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5 Ways New Homes Help Conserve Energy in the Summer

Categories: Blog | Posted: June 19, 2018

Summer’s finally rolling around, and we all know what that means: crazy high energy bills from blasting the A/C. But if you’re living in a home built within the last few years, those costs may not actually be so high.

Did you know that newer homes tend to be more energy efficient? This is true for new homes even without investing in smart thermostats or high-end appliances. Homes built in the last five years tend to have better insulation, are constructed with higher-end materials, and often have state-of-the-art ventilation systems to improve air quality.

1. Energy-Efficient Window Panes
New homes are often built with double- or triple-pane windows, which can help prevent heat from coming through or going out. Since many older homes were constructed with single-panes, sunlight beaming through those windows can raise those cooling costs. With a new home, you won’t have to worry about keeping your drapes closed – let all that sunshine in!

2. Cooler Lightbulbs
No, we’re not talking about multi-colored or glow-in-the-dark bulbs. Energy-efficient light bulbs can keep your home cooler than traditional ones. Did you know that 90% of the energy coming off of regular light bulbs is wasted as heat? Many newer homes come equipped with CFLs and LEDs, offering a cooler lighting option for homeowners.

3. Improved Insulation
We mentioned this one before. Newer homes have better insulation, which helps keep your home cool longer. Keeping your home at a comfortable temperature is much easier with improved insulation, meaning you’ll run that air conditioner less with a newer home.

4. More Efficient Home Appliances
New appliances perform now better than ever with highly efficient systems that offer features like quieter operation and moisture control. These high-performing appliances quickly cool down your home and then switch off, saving you money and keeping your new home at its optimal temperature longer.

5. Solar Panels
This one may be cheating a little – not every new home comes equipped with solar panels. However, solar panel installation in the U.S. nearly doubled in 2016 with over 1.3 installations across the country. With the energy saving potential (up to $30,000 over a 20 year period!) it’s no wonder many new home builders are investing a little up front for some pretty hefty savings down the road.

There are many advantages to buying a new home, like improved ventilation and air quality, but in the summertime, those benefits really shine. You can keep your home cooler and your energy costs lower with a newer, more energy-efficient house.

How to best research a property online

Categories: New Homes in Raleigh | Posted: June 15, 2018

If you’re in the market for new homes in Raleigh, you are most likely like every other buyer and spending countless hours online doing research to help you find the perfect new home. However, once you narrow your search down to a home you feel comfortable putting an offer on, what can you do to ensure that home is the right one for you? Royal Oaks Homes shares three tips that can help you do more online digging towards your prospective new home.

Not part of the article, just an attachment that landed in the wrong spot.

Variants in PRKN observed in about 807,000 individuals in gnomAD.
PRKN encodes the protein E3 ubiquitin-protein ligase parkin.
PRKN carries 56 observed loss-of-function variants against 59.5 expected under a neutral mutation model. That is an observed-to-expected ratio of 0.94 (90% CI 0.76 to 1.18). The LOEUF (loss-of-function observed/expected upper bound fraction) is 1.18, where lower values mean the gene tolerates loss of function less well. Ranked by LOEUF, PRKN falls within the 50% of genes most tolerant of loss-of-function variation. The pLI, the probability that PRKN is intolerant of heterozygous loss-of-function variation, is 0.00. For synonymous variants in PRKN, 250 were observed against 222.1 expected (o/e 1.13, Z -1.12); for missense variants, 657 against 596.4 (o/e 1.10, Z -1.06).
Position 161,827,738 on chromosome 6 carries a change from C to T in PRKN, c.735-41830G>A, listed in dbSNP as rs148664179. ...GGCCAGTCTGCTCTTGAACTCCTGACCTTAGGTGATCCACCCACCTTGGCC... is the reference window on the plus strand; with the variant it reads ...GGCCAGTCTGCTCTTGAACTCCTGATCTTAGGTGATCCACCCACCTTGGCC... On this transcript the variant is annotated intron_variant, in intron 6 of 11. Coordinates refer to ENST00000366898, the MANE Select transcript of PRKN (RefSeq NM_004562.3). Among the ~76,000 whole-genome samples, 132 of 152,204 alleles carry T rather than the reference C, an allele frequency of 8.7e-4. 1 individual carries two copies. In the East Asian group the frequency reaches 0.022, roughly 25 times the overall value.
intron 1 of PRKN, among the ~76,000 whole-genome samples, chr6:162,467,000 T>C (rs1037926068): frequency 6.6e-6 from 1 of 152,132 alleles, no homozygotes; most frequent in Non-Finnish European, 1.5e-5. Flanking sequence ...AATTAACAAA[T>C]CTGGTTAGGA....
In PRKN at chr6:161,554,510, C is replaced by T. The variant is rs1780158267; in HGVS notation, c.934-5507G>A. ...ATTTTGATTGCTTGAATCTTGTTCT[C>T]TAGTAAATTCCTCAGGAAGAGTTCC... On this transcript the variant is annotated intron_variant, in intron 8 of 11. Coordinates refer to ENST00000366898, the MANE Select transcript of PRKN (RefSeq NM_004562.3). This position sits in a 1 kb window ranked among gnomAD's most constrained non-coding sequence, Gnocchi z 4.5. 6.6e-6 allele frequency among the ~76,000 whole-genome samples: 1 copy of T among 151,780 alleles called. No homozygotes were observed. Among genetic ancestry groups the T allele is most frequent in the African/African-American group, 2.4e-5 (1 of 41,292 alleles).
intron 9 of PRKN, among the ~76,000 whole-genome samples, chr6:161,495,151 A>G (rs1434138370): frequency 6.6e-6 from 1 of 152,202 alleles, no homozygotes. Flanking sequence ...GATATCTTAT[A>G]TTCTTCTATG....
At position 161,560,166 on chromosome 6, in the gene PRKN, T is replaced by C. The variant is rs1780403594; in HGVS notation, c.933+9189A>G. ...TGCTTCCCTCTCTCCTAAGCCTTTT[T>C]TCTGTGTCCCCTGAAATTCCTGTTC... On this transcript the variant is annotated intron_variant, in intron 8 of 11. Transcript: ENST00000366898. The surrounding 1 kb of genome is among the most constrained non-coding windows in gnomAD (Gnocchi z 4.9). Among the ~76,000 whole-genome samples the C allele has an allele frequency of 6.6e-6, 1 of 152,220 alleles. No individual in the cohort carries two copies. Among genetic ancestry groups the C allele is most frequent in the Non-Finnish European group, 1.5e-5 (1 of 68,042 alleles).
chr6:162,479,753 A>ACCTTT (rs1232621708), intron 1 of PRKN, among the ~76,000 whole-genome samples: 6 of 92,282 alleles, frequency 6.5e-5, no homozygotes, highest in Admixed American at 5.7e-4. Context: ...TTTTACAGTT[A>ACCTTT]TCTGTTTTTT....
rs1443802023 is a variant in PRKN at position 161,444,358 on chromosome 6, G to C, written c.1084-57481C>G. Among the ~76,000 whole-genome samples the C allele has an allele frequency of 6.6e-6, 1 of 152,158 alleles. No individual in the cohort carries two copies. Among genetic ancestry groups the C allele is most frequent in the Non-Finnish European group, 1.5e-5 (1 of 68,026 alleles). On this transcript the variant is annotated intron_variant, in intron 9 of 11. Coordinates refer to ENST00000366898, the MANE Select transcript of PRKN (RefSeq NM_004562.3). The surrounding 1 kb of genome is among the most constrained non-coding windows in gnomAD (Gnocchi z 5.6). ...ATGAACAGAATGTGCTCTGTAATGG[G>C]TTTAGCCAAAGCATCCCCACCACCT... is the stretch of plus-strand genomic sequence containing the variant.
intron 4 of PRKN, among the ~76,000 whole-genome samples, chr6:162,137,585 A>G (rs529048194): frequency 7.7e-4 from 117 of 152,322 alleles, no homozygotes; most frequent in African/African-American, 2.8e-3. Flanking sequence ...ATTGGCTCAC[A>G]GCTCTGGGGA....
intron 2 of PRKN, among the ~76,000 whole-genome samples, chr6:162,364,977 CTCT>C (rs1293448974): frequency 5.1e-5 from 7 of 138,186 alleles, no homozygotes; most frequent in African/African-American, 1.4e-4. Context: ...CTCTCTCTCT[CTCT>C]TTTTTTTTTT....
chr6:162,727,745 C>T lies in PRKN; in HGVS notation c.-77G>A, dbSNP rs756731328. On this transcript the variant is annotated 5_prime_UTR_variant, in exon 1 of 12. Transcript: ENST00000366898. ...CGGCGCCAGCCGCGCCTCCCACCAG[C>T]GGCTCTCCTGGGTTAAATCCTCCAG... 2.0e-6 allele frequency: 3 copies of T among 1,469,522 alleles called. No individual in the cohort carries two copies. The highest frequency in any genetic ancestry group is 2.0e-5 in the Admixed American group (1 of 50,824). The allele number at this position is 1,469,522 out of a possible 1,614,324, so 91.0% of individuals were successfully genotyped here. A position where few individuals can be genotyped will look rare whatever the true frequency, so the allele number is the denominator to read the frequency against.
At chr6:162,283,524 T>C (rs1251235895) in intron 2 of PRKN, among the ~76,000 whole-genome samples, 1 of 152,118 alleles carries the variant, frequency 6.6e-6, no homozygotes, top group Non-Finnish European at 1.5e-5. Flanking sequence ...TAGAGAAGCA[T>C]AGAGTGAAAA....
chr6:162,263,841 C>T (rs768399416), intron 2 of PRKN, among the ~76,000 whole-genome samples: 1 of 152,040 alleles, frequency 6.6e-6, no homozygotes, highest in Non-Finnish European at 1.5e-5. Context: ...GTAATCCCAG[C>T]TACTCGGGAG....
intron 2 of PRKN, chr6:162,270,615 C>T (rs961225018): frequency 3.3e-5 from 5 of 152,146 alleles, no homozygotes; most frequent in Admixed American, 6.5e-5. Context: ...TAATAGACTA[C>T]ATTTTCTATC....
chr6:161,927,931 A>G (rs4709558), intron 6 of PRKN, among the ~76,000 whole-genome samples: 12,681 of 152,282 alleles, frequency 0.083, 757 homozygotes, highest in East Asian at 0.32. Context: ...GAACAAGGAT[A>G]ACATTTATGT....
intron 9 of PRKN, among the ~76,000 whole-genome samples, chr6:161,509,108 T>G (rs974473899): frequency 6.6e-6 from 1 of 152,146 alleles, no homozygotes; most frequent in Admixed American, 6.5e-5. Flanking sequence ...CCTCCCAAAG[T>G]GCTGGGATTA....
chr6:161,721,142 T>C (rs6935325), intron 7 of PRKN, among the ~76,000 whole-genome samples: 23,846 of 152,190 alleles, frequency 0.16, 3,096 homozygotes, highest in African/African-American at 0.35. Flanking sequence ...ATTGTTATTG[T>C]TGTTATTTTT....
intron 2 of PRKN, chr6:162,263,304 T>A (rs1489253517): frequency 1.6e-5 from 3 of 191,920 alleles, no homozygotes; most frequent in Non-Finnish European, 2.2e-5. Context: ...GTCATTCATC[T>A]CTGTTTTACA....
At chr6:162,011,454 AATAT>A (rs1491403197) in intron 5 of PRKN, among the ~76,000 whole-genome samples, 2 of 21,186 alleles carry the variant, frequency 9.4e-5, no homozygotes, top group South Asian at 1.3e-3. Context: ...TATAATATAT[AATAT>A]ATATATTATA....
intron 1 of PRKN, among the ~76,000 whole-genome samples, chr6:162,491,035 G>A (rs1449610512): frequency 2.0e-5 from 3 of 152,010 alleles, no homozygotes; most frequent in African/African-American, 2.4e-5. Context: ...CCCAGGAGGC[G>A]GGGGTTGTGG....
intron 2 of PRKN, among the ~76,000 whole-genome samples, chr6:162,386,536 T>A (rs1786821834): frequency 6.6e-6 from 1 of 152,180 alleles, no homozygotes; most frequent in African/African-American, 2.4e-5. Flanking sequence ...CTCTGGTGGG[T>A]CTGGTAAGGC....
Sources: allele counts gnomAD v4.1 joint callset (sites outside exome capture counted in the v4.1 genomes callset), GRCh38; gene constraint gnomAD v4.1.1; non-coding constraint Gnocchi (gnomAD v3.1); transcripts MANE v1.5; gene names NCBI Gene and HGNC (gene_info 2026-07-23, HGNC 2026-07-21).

No days, it is amazing how much information you can find online. The internet is full of data on past home sales, home prices in the area, the history of each sale of a resale home, neighborhood activity and so on. There is very little you can’t find online now when it comes to a home or the area around the home.

One of the things you will want to consider when researching a possible home is the building records. Most all public information and documentation is available online. You can also typically find building permit history as well.

Even though by law, sellers must disclose work done to the property, there may have been work done by a previous owner you may want to know about if you are looking at a resale home.

One thing buyers need to watch out for is any work that was done on a home, without a permit. If updates were made and not up to a health or safety code, if you become the owner and look to sell down the road that could be your issue to deal with even if you weren’t the one to make the update.

The best way to search for records like these is to search for “building records” and then the city you are looking to purchase a home in.

If you haven’t already utilized Google street view to look at your prospective new home, enter the address of the home into Google and hit search. You will see a thumbnail image of the home pop up next to the map with the location of the home, and if you click on the image you can see what the home looked like prior to being listed on the market. Most often, these photos were taken a few years in advance and can give you an idea of any work that might have been done to the exterior, prior to selling.

You can research a lot about school districts and individual schools online these days. You can search district test score numbers, student to teacher ratios, parent reviews and if there are any special learning options if you have a child who needs special teaching requirements or advanced learning opportunities.

The final piece you want to be sure to check when you’re doing your online due diligence in background history of a home, is to find a neighborhood crime app and due some digging. You can check things like sex offenders, crime, homicides, theft, robbery and so on that have gone on in the area. Especially if you have children or plan on having children in the home you are looking to buy, these are very important to consider for their safety as well.

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